This is an idea well worth teasing out. If the Scottish Government were to invite Dr Altmann to act as an advisor on a future Scottish pensions structure she might find a meeting of minds she failed to discover in a Conservative government, unable and unwilling to tackle inequality and tell the wealthy – ‘you are costing too much’.
A member of the Labour Party until 2007, Baroness Altmann sits on the conservative benches. I can’t help feeling she might be more confortable as an ‘independent expert on later life issues’ with a move to the crossbenches.
The Scottish Government and the SNP need to work on future pension policy. It will be an issue when the next Independence referendum is held. With another change in the rate of increase in the pension age announced last month, bringing forward, by 7 years, the pension age to 68 it is timely to be concerned about the long-term future of the state pension and contributory pension schemes.
There is a window of opportunity to design a new system for pensions in an independent Scotland that embraces the challenge of social care in a holistic structure.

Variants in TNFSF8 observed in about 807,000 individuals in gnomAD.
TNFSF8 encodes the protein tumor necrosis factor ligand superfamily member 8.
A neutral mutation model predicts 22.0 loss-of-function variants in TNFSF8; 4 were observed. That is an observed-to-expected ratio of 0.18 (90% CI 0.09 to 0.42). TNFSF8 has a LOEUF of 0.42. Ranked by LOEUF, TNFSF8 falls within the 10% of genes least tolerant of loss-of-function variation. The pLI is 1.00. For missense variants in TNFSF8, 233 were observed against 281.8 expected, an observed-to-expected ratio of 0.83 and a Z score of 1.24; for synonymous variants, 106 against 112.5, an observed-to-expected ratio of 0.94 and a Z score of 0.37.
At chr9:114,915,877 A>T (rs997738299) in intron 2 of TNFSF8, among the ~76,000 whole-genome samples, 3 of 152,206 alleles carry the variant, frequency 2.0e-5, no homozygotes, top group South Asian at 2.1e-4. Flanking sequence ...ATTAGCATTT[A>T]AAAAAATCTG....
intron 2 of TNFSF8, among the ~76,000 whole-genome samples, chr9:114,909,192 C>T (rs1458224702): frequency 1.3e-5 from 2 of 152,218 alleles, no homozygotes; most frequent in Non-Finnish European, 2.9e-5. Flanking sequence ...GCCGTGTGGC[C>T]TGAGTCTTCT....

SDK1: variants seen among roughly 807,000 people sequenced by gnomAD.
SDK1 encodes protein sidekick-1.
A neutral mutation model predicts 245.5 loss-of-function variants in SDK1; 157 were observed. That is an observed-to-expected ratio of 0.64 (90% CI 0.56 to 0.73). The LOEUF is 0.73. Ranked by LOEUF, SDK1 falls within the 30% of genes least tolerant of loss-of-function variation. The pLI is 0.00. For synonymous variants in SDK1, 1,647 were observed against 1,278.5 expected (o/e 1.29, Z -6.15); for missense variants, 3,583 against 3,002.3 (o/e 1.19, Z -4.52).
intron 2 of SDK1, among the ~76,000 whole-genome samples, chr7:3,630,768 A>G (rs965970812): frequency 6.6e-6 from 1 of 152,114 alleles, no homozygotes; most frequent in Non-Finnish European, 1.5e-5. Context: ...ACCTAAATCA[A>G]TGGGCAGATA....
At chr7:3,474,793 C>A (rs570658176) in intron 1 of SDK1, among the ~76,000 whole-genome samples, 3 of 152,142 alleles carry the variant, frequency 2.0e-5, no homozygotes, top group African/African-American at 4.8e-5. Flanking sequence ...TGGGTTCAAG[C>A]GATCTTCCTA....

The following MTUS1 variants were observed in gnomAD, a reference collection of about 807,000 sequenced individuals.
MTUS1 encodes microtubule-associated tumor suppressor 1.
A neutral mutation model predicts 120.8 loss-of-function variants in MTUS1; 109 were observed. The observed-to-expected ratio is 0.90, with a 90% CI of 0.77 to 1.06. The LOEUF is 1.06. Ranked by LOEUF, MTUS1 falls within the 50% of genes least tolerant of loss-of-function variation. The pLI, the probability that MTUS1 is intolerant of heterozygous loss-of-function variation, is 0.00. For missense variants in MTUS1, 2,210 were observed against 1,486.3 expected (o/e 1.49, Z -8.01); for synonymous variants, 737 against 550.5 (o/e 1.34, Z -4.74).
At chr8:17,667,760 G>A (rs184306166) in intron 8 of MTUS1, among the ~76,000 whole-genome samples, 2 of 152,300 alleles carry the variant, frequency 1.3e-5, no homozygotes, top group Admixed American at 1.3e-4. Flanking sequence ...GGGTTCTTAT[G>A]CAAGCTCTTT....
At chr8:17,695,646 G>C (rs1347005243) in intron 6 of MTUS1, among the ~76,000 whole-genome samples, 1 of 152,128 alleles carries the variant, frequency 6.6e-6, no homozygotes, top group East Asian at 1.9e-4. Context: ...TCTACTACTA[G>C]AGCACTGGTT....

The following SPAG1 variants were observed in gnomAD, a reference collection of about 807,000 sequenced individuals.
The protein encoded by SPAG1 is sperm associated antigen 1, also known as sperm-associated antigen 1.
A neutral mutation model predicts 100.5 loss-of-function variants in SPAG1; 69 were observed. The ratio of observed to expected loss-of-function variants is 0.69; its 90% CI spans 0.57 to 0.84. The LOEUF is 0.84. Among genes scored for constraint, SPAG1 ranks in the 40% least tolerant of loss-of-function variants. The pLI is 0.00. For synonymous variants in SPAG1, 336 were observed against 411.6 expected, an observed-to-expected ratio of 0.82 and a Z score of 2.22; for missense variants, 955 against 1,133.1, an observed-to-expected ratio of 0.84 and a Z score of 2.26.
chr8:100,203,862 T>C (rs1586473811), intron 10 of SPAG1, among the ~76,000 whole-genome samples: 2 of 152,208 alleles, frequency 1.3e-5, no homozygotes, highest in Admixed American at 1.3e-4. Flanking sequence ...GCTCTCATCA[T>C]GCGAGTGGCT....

The magic money tree
I wrote and directed this video just before the general election, recruiting some volunteer ‘actors’ from the ranks of Yes Berwickshire into The Don’t Vote Tory Theatre Company. The magic money tree has a lot of very fleshy leaves for those with the income to take advantage. It is still very relevant because we all have a bundle of tax allowances and access to tax shelters only the few can take full advantage. This video covers just some but it gives a taste of inequality set in fiscal rules under the Tories.
End note: Dr Altmann in her resignation letter quoted tax relief as costing £40bn. She should know. There are a number of figures with estimates up to £50bn. It depends on the total people decide to contribute each year but is clearly on the increase. I tend to use £36bn in articles but is quite likely a bit out of date.